1. Teaching Financial Literacy To Teens: Introduction
  2. Teaching Financial Literacy To Teens: Making Money
  3. Teaching Financial Literacy To Teens: Budgeting
  4. Teaching Financial Literacy To Teens: Credit And Debt
  5. Teaching Financial Literacy To Teens: Cars And College
  6. Teaching Financial Literacy To Teens: Account Reconciliation
  7. Teaching Financial Literacy To Teens: Investing
  8. Teaching Financial Literacy To Teens: Moving Out
  9. Teaching Financial Literacy To Teens: Conclusion

Your teen may have a number of accounts that require monthly reconciliation: an accounting process that is used to make sure the money leaving an account matches the amount spent. If your teen has any account from which he or she can either withdraw money or pay for purchases, he or she needs to reconcile the account every month, to make sure there are no errors. Let's take a checking account for example:
 
Your teen should be entering every deposit and every withdrawal (in this case, each check), in his or her check register (the log that accompanies the checkbook). Every month, your teen's bank sends a statement (either by mail or via email; whichever you and your child have chosen). The statement is the bank's record of all transactions for the month: the deposits that have been made and the checks your teen has written. The statements also include either the actual checks that your teen wrote (and that the recipient has either cashed or deposited), or a digital copy of all the checks. To reconcile the account, have your teen sit down with both his or her checkbook and the checking account statement. Then have your teen:

  • Make a checkmark in the appropriate box in the check register to show which checks and deposits appear on this month's statement;
  • Record any transactions that appear in the statement but that have not been entered in the check register yet (such as bank fees);
  • Use the reconciliation form that is on the back of the bank's statement (or included with email statements). Here, your child should enter the ending balance that is shown on the statement; add the total amount of deposits that were made after the ending date (these are deposits outstanding); subtract the total of any checks that have not been returned (the checks your teen has written but that don't appear on the statement).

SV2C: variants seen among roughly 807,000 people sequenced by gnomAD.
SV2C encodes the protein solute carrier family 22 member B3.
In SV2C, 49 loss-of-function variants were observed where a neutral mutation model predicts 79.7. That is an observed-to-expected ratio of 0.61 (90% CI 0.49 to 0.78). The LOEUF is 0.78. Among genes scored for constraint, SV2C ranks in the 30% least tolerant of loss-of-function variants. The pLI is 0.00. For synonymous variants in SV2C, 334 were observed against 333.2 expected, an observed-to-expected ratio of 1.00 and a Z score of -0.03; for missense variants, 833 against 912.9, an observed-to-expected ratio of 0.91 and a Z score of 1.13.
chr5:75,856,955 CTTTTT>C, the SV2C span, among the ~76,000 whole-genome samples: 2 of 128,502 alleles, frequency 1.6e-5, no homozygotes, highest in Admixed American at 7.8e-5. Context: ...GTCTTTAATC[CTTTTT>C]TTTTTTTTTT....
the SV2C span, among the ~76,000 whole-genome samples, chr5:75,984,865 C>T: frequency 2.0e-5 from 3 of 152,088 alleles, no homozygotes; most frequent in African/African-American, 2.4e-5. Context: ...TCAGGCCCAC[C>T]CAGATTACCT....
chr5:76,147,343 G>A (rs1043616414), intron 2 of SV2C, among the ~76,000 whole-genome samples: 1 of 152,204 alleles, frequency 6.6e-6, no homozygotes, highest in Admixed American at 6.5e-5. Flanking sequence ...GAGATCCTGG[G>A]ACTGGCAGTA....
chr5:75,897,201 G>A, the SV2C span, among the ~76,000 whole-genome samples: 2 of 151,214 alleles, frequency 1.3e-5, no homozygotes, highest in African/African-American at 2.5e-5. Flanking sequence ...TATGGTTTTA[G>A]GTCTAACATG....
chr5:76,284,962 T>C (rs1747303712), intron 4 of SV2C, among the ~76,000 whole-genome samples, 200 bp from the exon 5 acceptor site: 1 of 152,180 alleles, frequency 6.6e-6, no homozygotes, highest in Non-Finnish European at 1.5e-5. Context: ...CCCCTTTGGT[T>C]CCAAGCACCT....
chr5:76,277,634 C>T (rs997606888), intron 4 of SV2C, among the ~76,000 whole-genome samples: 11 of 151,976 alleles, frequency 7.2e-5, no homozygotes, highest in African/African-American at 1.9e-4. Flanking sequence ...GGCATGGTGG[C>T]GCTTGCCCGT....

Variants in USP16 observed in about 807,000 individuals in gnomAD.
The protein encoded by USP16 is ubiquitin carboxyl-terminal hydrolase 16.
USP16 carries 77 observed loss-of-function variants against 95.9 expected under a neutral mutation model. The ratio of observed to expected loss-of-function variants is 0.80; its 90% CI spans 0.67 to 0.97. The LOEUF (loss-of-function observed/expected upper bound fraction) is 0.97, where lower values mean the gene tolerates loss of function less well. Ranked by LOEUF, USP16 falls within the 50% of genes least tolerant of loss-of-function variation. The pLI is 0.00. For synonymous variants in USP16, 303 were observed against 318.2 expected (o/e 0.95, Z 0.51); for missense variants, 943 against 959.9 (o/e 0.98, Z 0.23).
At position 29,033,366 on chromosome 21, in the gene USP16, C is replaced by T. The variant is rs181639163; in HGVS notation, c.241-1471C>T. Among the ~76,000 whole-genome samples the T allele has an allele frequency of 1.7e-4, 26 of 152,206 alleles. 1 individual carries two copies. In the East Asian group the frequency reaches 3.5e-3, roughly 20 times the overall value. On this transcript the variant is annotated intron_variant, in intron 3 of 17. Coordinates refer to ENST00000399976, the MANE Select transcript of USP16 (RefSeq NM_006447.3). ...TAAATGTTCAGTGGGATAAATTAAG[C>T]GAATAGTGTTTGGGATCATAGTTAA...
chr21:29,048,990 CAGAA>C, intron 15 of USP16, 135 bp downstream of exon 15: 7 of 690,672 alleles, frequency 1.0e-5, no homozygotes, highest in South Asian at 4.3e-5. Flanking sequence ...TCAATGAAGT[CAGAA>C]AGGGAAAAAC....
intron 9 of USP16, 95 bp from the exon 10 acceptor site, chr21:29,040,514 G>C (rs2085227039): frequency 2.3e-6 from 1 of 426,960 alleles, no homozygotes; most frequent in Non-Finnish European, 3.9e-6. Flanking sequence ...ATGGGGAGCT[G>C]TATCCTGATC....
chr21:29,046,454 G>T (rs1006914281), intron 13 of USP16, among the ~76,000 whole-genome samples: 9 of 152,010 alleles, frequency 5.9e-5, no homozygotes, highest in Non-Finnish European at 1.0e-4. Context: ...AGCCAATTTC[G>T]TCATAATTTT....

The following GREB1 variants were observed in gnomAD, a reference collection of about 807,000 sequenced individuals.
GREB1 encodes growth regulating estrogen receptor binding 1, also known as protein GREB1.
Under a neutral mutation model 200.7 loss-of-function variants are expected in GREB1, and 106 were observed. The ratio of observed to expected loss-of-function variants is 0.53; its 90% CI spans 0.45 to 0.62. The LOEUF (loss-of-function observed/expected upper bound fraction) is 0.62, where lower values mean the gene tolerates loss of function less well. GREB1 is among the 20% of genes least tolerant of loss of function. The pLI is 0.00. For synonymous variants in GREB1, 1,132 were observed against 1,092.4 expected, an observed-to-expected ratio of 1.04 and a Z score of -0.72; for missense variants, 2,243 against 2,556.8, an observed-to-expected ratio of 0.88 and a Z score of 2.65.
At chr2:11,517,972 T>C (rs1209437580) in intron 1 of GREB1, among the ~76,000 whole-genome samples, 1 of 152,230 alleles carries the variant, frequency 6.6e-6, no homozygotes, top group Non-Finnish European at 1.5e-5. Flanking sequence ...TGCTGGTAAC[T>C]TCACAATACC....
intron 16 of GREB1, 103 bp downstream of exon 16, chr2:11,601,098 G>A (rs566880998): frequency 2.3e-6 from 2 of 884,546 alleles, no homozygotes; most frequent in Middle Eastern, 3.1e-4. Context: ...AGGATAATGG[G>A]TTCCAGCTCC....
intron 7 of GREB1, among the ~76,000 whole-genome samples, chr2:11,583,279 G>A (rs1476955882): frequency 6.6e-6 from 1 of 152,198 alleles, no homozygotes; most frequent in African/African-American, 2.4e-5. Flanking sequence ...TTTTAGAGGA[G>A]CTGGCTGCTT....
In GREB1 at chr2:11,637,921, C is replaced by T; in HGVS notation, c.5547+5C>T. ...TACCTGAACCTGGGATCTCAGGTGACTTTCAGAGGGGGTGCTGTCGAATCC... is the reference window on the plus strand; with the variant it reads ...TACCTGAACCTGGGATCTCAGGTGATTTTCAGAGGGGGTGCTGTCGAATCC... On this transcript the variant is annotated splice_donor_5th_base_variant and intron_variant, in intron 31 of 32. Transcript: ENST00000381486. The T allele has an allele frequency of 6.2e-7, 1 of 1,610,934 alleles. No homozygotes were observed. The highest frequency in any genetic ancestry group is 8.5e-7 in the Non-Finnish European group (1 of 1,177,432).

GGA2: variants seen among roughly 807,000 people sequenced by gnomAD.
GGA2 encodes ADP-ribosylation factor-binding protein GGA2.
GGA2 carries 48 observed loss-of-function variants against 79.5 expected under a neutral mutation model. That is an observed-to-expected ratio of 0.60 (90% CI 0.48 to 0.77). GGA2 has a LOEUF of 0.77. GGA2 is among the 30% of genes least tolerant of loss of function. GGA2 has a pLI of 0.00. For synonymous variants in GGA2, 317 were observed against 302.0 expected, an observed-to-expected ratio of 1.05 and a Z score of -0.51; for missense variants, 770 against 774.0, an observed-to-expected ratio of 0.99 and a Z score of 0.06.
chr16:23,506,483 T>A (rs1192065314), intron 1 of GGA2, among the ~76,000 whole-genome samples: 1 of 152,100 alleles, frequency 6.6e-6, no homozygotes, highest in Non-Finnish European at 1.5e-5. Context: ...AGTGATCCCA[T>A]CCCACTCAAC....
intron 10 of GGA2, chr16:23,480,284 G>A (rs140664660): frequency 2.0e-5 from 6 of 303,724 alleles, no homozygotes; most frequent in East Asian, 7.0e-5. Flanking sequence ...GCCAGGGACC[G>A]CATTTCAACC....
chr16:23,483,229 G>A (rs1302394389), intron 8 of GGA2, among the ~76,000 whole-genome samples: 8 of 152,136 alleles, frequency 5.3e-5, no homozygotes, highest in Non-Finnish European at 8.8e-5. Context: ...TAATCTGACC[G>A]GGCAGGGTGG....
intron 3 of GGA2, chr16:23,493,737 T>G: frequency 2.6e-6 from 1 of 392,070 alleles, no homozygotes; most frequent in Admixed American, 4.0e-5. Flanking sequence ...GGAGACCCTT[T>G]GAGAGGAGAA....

• The ending balance that appears in your child's check register should be equal to:
Bank account statement ending balance
Plus deposits outstanding
Minus checks outstanding
  • If there is a discrepancy, help your child review entries and math until the error is found. When in doubt, contact the bank for help. 

Credit card statements should also be reconciled. Though we would like to trust our credit card company to be error-free, mistakes do happen. Teach your child to keep all of his or her receipts in a specific place (such as a large envelope or zippered pouch). When their credit card statement arrives, help him or her check each transaction against his or her receipts, and make sure the previous month's payment is correct. Again, if you have any questions, contact the company for answers. While the credit card statement is out, make sure you point out the section that lists how long it would take to pay off the balance - and at what cost - if only the minimum payment were made each month. This can continue to encourage your child to spend only what he or she can pay off each month.

Teaching Financial Literacy To Teens: Investing

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